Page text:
Looking ahead, despite the short-term loss of US$100 million incremental revenue, Cognizant’s CFO Karen McLoughlin has reaffirmed 2015 guidance as strength in other areas of the business are expected to offset the lost revenue. 2015 revenue is expected to be at least US$12.24 billion with non-GAAP EPS at least US$2.93. Overall, the contract was expected to be margin dilutive in the early years and in generally only “margin neutral over the long run.

Lessons for the services world 

As overall macroeconomic confidence is on the upswing and various industry drivers come into play, the M&A activity is only bound to intensify. This has a profound implication for service providers who are deeply entrenched in such large enterprises and need to be prepared to come out on top of any eventuality. One potential impact of such M&A is the tendency for the combined entity to rationalize its vendor portfolio – choosing to stick to a short list of key strategic vendors by trimming the sourcing pie. The selection criteria for vendors then boils down to specific value-differentiators, maturity of service portfolio, senior management relationships, competitive positioning, and account-level exposure. Technology/operations budgets also tend to shrink as enterprises leverage economy of scale and target operational efficiency.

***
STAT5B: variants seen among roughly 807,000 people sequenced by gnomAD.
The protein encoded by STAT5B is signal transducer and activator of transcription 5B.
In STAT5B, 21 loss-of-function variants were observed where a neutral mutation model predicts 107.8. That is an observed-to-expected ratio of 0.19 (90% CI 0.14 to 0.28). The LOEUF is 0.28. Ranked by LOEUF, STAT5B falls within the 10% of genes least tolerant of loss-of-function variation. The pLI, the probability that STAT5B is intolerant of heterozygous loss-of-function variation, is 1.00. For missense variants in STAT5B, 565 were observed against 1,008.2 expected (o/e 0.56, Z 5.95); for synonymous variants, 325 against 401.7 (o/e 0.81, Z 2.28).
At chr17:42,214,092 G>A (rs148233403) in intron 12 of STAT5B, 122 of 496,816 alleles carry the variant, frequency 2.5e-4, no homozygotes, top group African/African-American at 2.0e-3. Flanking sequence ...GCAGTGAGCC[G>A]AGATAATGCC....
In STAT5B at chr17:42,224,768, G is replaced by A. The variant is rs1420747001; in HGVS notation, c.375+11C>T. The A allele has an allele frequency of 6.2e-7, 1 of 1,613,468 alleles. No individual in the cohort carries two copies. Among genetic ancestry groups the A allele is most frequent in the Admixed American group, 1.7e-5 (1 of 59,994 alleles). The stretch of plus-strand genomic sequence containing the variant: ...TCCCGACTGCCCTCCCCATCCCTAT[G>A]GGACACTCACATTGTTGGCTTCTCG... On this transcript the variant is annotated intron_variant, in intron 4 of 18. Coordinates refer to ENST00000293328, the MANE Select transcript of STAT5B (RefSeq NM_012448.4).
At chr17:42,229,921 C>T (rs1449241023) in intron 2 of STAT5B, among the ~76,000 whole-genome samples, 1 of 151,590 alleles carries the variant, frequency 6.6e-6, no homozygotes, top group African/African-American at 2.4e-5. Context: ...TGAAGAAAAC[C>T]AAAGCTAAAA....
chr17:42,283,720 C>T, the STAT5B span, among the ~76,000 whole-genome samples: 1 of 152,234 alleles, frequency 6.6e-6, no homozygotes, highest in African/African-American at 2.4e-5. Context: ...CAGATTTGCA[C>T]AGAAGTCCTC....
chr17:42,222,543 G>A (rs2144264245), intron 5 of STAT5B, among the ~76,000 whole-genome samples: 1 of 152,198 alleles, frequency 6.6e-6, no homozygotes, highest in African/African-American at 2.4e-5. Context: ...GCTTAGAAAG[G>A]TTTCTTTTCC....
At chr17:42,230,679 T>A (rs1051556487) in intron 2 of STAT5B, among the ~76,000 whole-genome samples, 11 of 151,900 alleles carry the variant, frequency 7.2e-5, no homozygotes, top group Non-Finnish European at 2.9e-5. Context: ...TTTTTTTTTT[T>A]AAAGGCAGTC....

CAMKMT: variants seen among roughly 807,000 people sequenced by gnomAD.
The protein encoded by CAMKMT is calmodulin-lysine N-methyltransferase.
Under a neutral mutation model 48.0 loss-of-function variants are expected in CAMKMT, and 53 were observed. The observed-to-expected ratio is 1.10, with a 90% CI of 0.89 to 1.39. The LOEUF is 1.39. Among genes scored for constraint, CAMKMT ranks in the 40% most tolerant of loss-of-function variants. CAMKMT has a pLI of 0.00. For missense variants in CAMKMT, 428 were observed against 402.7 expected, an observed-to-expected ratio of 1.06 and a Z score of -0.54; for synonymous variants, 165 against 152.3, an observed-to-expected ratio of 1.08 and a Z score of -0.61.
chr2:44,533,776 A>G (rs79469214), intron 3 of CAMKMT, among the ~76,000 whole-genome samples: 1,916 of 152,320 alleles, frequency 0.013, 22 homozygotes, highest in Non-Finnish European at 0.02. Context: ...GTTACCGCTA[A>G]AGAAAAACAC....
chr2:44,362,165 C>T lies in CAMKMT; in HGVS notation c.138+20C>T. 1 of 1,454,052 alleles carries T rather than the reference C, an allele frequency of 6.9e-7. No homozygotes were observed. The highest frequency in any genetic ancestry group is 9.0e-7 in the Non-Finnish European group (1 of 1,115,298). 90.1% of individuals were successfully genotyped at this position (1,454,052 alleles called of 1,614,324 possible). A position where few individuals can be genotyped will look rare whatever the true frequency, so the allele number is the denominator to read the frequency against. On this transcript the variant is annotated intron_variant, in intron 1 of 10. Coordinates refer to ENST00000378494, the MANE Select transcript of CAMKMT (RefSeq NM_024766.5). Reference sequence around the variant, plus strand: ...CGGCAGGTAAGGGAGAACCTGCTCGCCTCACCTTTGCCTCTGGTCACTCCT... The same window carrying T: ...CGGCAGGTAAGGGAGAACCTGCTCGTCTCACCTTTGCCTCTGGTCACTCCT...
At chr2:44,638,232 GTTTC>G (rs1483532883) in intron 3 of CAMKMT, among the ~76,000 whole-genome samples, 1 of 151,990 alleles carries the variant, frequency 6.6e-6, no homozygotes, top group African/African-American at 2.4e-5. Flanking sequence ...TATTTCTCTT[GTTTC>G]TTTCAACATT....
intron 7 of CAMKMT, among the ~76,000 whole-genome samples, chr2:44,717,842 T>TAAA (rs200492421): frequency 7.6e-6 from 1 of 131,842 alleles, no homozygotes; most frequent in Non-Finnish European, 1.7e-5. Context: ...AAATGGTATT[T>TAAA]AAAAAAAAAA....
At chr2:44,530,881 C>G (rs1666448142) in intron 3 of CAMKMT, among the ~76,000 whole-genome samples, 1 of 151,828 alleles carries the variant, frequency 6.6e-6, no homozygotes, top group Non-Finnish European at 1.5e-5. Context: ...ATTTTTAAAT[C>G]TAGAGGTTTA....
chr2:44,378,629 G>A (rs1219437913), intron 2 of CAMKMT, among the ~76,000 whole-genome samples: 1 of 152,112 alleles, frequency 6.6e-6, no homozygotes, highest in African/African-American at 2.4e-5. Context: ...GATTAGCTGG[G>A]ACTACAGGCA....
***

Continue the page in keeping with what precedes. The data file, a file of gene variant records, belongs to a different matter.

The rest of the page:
The following image illustrates the current exposure of key service providers across UHG, Aetna, Anthem, and Cigna. As is evident, these mergers tend to benefit larger service providers that are typically well entrenched across the combining firms. However, a few, may find their portfolios at-risk given competitive underpinnings, sourcing maturity, and enterprise penetration.

Account-level exposure of key service providers

Net-net, we don’t expect Cognizant to be unduly impacted by the proposed merger given the current state of affairs and its leading position in the healthcare and life sciences landscape (poised to reach US$4 billion in annual revenue in the next 18 months). The opportunity at hand is not under threat but there will be significant shifts and redistribution between vendors. The healthcare market is poised to witness increased turbulence (we believe this is just a teaser of things to come) and service providers need to realign and reposition themselves to utilize this opportunity. Let the games begin!